A second Trump presidency would be great for Britain
The greatest Tory prime minister, Benjamin Disraeli, served two spells as prime minister, as did Winston Churchill, during and then after the Second World War. In more recent times, only Harold Wilson has returned to Downing Street after a break in opposition.
Interestingly, such returns to office are even less common across the Atlantic. Nevertheless, Donald Trump is the favourite to win when Americans go to the polls this November.
Nearly nine years after he launched his first successful presidential campaign, it might be assumed that there is not much more to say about Mr Trump. Certainly, there is no shortage of liberal outrage at the ebullient fanbase packing out rock concert-style rallies and the character of his supporters.
Trump’s critics not only decry everything he says but despise his very persona.
There is no prospect of a UK-US trade agreement under President ‘I’m Irish’ Biden
So, a more measured appraisal of Mr Trump is overdue. In particular, we should consider what a second term could mean for Britain. His 2016 victory largely sprang from energising working-class voters who felt that politicians had nothing to say about the things that mattered to them – epitomised by the gulf between their views on immigration, crime and patriotism and the prevailing establishment assumption. This appeal was echoed by Boris Johnson’s engagement with new Tory voters here in 2019. In this way, Trump, like Johnson, personifies a realignment paralleled in many Western democracies.
As American politicians were reluctant to face up to growing illegal immigration and its consequences for working people, Trump showed no such reluctance. Consequently, he restored faith in democratic legitimacy by building a bridge between the elected and those that elect them. In doing so, he exposed the failure of the political elite to either appreciate or value popular fears. His re-election would send a powerful signal to those who stubbornly won’t see why working people are concerned about the unfairness of illegal immigration.
Trump’s appeal to Americans is crystalised by his willingness to fight the culture warmongers of identity politics. His election would be a bitter – and welcome – blow to those who detest the values, history and traditions of Western civilisation, and who see the sacrifice of social solidarity as a price worth paying.
It is clear that there is no prospect of a UK-US comprehensive trade agreement under President “I’m Irish” Biden, whereas Donald Trump made it clear he supports a deal. Though it is certainly a work in progress rather than a done deal, we should be mindful that given the United States is the United Kingdom’s biggest export partner, a deal would clearly be in the interests of many British firms and workers.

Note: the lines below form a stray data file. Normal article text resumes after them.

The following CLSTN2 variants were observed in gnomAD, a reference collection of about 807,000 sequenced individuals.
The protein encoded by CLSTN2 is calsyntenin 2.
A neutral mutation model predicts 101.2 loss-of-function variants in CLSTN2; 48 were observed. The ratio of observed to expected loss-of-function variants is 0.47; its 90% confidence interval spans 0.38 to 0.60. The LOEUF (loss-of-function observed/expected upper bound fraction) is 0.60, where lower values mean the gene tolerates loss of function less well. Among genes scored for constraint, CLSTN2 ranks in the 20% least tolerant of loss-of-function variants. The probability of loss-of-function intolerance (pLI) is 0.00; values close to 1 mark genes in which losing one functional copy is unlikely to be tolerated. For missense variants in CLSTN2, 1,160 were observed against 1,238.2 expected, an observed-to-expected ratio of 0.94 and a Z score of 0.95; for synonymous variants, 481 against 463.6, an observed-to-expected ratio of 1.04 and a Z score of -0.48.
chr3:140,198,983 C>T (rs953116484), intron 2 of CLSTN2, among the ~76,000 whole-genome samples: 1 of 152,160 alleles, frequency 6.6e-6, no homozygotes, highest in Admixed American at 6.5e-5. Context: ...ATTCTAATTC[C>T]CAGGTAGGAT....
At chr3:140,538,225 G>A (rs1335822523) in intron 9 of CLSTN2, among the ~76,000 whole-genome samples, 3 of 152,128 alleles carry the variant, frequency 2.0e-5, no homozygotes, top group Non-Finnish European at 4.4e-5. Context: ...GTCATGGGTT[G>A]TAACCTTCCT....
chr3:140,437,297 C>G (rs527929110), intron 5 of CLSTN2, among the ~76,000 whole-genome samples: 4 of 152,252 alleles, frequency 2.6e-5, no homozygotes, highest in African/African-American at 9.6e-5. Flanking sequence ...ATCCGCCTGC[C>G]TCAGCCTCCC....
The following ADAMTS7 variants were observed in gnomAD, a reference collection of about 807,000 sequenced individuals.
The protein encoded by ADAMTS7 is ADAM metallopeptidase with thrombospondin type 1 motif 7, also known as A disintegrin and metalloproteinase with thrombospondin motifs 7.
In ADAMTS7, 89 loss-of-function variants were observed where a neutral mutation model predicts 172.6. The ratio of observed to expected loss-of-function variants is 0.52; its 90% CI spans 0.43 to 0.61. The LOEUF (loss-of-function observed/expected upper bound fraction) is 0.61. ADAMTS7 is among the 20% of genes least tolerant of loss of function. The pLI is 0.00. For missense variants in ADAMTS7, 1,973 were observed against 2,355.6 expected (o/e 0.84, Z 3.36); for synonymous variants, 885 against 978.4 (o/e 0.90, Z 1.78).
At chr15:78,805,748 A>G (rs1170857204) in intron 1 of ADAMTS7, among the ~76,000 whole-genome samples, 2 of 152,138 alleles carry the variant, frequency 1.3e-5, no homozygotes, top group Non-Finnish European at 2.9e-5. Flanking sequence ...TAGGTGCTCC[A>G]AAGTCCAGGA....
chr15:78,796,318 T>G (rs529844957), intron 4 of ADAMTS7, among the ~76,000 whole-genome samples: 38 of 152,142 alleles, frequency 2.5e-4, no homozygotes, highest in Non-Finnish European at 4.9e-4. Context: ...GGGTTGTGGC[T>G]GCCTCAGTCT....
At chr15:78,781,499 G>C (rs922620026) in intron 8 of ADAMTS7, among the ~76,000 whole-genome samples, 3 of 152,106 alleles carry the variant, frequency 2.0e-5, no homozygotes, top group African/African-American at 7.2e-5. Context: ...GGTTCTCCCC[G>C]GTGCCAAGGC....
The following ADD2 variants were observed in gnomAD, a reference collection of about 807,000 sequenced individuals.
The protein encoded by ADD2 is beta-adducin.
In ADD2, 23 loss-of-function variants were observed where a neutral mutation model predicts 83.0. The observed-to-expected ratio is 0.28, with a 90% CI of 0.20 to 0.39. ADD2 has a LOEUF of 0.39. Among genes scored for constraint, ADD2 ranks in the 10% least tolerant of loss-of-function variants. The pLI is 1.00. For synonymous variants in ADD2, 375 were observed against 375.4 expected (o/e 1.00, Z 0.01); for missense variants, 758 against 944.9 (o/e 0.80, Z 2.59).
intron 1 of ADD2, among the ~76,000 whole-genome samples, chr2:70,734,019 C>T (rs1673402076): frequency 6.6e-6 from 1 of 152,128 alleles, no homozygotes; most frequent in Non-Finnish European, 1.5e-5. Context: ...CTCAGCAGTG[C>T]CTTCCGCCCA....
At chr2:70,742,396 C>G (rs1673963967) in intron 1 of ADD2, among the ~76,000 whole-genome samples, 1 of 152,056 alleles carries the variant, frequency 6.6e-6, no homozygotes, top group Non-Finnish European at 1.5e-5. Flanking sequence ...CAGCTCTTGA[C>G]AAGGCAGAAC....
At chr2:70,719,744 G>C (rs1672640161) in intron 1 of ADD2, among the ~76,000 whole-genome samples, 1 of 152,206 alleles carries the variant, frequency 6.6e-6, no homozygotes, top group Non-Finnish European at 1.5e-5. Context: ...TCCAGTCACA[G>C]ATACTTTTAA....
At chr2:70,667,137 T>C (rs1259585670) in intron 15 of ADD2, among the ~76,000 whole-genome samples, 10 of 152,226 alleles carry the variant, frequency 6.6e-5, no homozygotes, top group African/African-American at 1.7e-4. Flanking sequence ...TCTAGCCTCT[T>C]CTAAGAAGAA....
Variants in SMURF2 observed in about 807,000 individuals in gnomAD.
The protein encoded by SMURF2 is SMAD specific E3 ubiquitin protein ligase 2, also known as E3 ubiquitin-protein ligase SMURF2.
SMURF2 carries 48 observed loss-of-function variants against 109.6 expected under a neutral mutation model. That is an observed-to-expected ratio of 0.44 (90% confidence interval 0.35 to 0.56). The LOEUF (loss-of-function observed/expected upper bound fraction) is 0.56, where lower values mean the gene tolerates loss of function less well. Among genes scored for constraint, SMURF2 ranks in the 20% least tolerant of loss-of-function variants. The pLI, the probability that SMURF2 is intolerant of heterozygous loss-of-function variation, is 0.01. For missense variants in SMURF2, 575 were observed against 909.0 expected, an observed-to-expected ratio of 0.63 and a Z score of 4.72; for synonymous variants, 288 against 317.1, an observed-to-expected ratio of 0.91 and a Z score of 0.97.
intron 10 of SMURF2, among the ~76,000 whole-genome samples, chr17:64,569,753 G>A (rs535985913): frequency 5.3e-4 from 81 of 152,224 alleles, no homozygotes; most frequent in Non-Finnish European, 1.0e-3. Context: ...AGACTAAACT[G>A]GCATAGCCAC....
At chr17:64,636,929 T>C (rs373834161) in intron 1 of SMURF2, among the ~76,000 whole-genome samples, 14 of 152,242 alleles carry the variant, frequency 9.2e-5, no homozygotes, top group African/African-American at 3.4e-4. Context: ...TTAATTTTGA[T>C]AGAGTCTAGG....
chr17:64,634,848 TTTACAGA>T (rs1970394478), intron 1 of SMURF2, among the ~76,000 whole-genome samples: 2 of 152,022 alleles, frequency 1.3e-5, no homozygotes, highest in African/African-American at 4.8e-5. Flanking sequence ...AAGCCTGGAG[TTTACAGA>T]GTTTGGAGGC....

Donald Trump’s tariffs-based “America first” approach to economic matters was derided as protectionism by those globalists who see their creed as a rising tide that lifts all boats and are happy to see the US and UK flooded with cheap imports. Yet, what he advocates is precisely what Britons realised is needed during the pandemic: greater economic resilience through more control over critical national industries and supply chains.
Trump’s call for other Nato members to shoulder more of the financial burden for defending the free world is not unreasonable. It is easy to forget that much of western Europe subcontracted their national security to the US and the small number of Nato counties which protect all the others.
Donald Trump’s style is so at odds with British tastes that too few consider his substance. I do not support everything he says or does. However, the alternative – plutocratic globalist technocrats clinging to yesterday’s failed consensus – is as unappealing as it is unsustainable in meeting the salient challenges of our age. Britain will, of course, remain the closest of allies with the US regardless of who is elected president, but we shouldn’t rule out nor resist the return of Donald Trump. Instead, we should see it as an opportunity to enhance our relations with our American cousins.
As two-time prime minister Disraeli said: “The world is a wheel, and it will all come round right.”
John Hayes, Conservative MP for South Holland and the Deepings
Get the inside track on what MPs and Peers are talking about. Sign up to The House's morning email for the latest insight and reaction from Parliamentarians, policy-makers and organisations.